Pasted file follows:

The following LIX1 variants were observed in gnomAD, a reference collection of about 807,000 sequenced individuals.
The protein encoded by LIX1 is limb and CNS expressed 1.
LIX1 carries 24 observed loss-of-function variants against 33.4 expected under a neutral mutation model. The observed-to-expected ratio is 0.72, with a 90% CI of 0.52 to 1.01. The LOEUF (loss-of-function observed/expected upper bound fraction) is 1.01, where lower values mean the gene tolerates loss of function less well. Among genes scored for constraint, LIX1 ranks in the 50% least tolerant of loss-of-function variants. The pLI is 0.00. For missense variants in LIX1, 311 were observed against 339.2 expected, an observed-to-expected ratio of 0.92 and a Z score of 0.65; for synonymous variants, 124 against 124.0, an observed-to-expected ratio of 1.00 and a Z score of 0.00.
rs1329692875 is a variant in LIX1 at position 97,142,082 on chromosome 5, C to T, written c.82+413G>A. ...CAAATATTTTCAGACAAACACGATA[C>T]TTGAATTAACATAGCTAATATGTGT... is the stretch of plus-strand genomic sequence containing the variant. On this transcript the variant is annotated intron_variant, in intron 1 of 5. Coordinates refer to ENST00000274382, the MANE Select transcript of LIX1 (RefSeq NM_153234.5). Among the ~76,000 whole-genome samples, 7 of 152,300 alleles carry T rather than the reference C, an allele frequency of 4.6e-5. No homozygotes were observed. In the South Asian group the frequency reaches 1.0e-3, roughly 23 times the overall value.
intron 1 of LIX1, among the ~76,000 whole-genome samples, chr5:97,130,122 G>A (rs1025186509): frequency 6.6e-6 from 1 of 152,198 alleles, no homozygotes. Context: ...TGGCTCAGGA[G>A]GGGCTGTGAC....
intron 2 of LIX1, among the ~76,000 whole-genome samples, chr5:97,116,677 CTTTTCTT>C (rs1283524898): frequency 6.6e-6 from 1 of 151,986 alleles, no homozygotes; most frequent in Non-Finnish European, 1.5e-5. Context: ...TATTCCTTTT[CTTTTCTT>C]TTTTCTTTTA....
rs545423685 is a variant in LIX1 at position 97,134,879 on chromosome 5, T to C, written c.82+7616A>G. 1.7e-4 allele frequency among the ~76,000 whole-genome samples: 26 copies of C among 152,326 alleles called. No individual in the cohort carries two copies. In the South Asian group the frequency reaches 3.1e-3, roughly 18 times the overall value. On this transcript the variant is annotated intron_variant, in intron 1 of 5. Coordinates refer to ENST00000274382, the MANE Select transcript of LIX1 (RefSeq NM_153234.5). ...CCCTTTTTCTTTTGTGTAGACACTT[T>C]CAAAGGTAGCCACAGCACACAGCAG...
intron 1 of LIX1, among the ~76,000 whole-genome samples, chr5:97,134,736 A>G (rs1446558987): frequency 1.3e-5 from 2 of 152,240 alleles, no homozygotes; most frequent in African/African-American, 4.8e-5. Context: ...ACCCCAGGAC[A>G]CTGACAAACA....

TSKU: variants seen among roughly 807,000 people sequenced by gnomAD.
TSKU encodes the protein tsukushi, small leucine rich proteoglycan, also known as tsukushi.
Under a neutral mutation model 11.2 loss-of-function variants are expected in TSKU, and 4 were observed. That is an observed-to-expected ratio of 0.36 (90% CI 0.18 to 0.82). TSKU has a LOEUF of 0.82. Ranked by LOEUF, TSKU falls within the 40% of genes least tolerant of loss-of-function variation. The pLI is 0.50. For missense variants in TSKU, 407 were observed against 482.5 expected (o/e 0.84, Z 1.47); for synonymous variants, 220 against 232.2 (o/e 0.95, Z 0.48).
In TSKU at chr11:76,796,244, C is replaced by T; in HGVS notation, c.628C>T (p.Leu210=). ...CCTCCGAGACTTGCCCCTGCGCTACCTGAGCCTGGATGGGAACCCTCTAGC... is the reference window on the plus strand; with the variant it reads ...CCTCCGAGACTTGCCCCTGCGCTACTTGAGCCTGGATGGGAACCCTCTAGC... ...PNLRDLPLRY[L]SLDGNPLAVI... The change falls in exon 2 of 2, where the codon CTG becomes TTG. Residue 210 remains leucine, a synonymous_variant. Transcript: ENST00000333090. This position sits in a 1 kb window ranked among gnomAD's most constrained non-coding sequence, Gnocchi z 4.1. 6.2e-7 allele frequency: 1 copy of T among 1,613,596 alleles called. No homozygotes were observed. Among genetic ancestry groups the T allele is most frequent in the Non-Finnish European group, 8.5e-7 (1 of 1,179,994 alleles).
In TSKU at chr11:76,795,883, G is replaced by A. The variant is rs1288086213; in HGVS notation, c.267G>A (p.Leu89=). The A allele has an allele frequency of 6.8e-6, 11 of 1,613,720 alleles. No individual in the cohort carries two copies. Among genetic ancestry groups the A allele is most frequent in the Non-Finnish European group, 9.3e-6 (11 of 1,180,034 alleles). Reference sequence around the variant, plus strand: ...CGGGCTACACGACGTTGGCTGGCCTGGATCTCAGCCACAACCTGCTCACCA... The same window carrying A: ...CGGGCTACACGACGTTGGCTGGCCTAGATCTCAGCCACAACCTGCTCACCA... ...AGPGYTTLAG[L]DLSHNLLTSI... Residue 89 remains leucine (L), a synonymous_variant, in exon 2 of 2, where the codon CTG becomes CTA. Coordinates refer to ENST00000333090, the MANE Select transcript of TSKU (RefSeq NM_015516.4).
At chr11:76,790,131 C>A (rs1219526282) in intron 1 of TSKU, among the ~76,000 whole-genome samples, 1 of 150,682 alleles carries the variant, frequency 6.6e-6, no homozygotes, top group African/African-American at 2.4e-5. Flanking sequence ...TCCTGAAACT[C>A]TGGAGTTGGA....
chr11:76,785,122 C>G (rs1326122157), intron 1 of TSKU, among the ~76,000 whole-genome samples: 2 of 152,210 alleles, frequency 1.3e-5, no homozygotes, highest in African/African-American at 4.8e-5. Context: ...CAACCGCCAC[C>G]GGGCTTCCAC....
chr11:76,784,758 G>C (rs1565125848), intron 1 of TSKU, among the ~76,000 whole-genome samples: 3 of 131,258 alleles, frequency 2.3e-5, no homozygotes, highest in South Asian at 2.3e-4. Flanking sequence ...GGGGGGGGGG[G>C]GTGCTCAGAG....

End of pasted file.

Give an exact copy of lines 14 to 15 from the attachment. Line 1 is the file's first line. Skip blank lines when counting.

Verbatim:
At chr11:76,790,131 C>A (rs1219526282) in intron 1 of TSKU, among the ~76,000 whole-genome samples, 1 of 150,682 alleles carries the variant, frequency 6.6e-6, no homozygotes, top group African/African-American at 2.4e-5. Flanking sequence ...TCCTGAAACT[C>A]TGGAGTTGGA....
chr11:76,785,122 C>G (rs1326122157), intron 1 of TSKU, among the ~76,000 whole-genome samples: 2 of 152,210 alleles, frequency 1.3e-5, no homozygotes, highest in African/African-American at 4.8e-5. Context: ...CAACCGCCAC[C>G]GGGCTTCCAC....